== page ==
1. The incoming ball stops and one 5 kg ball leaves the row of stationary balls at a speed of 8 m/s.
    2. The incoming ball stops and two 5 kg balls leave the row of stationary balls at a speed of 4 m/s.
  2. Two 5 kg bowling balls moving at 8 m/s approach a row of stationary balls lined up end to end in a ball return. Comment on the likelihood of the following outcomes.
    1. The incoming balls stop and two 5 kg balls leave the row of stationary balls at a speed of 8 m/s.
    2. The incoming balls stop and one 5 kg ball leaves the row of stationary balls at a speed of 16 m/s.

solution

Compute the total linear momentum and mechanical energy of the bowling balls before and after each collision has occurred. Compare the values of these quantities to answer this question.

  1. In the case of one bowling ball the initial momentum and energy are…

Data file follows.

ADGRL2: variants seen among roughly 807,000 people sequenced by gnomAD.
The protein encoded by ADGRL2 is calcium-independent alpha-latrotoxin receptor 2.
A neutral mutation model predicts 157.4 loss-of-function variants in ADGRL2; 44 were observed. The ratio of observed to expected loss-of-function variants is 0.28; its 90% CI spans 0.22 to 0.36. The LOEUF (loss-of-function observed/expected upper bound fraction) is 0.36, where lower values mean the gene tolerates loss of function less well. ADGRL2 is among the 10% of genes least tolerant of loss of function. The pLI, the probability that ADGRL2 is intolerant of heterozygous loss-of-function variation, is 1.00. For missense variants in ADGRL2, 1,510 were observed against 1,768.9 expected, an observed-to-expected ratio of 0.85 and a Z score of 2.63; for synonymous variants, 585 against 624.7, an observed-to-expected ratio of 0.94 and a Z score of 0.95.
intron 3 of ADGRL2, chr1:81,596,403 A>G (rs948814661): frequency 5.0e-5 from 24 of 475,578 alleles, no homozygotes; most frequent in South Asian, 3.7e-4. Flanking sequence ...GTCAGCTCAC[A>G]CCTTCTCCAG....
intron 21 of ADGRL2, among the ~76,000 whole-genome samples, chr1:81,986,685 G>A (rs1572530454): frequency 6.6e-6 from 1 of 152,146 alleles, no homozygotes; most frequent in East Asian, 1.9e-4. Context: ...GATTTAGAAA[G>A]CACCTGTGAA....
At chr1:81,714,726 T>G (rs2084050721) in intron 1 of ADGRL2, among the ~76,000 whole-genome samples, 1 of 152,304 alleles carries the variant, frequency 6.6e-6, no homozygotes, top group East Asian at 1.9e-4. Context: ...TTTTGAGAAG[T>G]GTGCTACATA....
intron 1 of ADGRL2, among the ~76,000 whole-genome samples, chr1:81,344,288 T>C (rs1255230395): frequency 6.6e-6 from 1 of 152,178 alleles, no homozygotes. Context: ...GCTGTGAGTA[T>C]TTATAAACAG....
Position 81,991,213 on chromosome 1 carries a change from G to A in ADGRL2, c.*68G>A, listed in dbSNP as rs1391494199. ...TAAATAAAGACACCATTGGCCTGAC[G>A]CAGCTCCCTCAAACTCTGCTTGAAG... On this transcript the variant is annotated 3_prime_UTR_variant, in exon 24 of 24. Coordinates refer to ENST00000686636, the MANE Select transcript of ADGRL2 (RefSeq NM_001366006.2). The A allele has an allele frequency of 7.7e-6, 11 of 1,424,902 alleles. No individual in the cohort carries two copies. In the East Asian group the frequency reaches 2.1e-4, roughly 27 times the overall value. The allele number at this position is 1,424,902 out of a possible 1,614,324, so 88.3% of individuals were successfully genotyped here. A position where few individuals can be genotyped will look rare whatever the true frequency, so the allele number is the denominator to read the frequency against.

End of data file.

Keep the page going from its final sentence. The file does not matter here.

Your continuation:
1. In the first hypothetical outcome shown below, both momentum and energy are completely conserved. Such a collision is said to be perfectly elastic. While totally fine from a theoretical perspective, such an outcome is practically impossible. In the macroscopic real world, momentum and energy are always dissipated. (In the microscopic world of atoms and molecules collisions are always elastic, but that is another story.)

      This outcome, while highly improbable, is not theoretically impossible.

    2. In this hypothetical outcome, momentum is conserved but mechanical energy is lost. Such a collision is said to be inelastic. While totally fine from a theoretical standpoint I think, from personal observations of bowling balls, that such an outcome is highly unlikely.

      Of the two outcomes presented neither will occur. The real world doesn't work out according to hypothetical ideals. The real questions should be, "Is the real outcome of this collision more like the first hypothetical outcome or the second?" Experimental observation confirms that the collisions between bowling balls are more like elastic collisions than inelastic collisions. If one bowling ball comes into a row of stationary balls, the most likely outcome is that one bowling ball will leave the other end.

  2. In the case of two bowling balls the initial momentum and energy are…